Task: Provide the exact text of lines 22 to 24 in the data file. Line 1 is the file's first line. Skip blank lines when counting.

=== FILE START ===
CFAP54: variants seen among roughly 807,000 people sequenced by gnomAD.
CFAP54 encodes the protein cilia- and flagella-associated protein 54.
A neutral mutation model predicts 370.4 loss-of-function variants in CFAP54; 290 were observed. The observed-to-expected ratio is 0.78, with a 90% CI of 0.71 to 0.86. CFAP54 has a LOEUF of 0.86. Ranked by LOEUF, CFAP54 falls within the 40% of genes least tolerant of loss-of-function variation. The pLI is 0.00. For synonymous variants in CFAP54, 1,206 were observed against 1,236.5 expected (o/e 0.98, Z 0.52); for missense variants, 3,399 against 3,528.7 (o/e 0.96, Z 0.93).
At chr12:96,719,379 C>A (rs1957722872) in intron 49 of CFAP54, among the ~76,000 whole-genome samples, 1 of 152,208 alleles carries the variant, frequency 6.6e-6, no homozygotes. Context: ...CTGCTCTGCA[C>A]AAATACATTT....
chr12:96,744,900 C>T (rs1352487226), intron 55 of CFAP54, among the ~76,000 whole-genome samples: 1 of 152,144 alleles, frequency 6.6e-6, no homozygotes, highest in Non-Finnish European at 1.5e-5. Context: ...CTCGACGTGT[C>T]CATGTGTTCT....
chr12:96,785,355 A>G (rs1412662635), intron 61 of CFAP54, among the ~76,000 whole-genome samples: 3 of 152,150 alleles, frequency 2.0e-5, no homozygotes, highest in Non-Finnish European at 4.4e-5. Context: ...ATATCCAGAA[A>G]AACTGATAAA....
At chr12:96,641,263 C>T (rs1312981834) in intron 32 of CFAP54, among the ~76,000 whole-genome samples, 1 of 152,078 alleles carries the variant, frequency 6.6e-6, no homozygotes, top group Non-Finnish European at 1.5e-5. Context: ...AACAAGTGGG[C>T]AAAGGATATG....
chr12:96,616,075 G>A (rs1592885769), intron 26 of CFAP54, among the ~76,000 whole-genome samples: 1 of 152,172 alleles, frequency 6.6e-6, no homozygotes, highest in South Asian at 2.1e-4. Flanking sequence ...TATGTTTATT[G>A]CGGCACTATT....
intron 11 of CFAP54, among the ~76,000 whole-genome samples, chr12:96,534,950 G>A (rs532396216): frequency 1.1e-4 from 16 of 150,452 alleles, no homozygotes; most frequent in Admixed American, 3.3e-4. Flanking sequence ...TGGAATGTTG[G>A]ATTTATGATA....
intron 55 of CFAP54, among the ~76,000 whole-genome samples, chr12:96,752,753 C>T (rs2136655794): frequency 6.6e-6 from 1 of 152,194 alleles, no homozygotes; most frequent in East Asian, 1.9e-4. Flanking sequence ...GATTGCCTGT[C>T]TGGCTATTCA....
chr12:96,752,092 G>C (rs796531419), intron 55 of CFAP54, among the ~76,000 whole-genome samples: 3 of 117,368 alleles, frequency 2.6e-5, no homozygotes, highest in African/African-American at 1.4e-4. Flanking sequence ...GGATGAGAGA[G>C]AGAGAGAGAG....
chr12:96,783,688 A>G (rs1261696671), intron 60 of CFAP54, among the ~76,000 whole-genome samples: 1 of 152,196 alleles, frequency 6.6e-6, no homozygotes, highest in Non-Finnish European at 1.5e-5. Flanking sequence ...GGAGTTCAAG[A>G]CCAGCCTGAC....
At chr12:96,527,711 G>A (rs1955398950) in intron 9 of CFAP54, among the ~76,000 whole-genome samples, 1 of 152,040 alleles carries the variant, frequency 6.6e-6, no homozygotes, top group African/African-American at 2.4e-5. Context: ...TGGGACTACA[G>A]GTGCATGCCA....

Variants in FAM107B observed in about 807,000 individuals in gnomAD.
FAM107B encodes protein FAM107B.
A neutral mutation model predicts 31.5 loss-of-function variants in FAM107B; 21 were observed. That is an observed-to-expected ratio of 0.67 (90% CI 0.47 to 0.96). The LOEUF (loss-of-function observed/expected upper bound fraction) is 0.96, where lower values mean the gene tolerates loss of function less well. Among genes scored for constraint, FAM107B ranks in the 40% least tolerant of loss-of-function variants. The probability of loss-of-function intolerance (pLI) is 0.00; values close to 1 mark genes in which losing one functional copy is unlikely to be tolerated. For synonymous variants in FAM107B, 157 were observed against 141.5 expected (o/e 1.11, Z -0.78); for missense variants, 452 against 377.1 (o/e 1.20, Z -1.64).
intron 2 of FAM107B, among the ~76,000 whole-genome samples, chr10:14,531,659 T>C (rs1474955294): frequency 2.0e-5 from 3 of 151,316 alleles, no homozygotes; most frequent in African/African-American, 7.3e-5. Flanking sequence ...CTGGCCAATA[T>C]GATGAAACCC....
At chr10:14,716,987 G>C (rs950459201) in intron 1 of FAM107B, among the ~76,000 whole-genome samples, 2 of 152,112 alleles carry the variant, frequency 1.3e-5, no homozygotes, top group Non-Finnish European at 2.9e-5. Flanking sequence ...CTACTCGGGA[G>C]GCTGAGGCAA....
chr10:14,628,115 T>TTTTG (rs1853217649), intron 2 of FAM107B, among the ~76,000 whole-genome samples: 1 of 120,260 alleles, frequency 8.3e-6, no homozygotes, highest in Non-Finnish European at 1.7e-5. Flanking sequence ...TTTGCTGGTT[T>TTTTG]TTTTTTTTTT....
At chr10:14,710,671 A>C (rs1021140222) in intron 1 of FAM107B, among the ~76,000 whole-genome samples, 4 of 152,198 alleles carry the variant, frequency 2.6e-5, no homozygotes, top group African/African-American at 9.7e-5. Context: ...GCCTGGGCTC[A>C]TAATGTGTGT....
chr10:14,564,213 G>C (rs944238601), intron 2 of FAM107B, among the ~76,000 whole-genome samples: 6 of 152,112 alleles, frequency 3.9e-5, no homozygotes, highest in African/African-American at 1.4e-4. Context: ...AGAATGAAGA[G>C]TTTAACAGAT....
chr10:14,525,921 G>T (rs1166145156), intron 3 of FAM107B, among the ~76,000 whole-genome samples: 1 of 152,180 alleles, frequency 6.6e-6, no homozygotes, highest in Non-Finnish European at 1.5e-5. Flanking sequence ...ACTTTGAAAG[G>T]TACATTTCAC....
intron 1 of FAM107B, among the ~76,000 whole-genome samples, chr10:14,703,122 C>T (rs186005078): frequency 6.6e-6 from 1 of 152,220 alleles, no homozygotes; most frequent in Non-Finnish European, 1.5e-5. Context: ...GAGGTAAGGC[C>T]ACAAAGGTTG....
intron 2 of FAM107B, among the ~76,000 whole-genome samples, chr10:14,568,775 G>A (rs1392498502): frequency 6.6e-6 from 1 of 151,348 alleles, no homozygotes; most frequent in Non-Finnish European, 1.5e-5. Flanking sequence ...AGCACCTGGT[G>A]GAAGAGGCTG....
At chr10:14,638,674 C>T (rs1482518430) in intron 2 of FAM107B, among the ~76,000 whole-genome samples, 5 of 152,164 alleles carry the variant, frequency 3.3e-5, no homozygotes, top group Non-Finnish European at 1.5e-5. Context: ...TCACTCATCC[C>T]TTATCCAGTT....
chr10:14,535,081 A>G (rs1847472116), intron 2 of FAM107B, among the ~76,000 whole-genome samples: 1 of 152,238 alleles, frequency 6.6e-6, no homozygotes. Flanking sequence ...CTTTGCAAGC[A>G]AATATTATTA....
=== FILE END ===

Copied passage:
chr10:14,525,921 G>T (rs1166145156), intron 3 of FAM107B, among the ~76,000 whole-genome samples: 1 of 152,180 alleles, frequency 6.6e-6, no homozygotes, highest in Non-Finnish European at 1.5e-5. Flanking sequence ...ACTTTGAAAG[G>T]TACATTTCAC....
intron 1 of FAM107B, among the ~76,000 whole-genome samples, chr10:14,703,122 C>T (rs186005078): frequency 6.6e-6 from 1 of 152,220 alleles, no homozygotes; most frequent in Non-Finnish European, 1.5e-5. Context: ...GAGGTAAGGC[C>T]ACAAAGGTTG....
intron 2 of FAM107B, among the ~76,000 whole-genome samples, chr10:14,568,775 G>A (rs1392498502): frequency 6.6e-6 from 1 of 151,348 alleles, no homozygotes; most frequent in Non-Finnish European, 1.5e-5. Flanking sequence ...AGCACCTGGT[G>A]GAAGAGGCTG....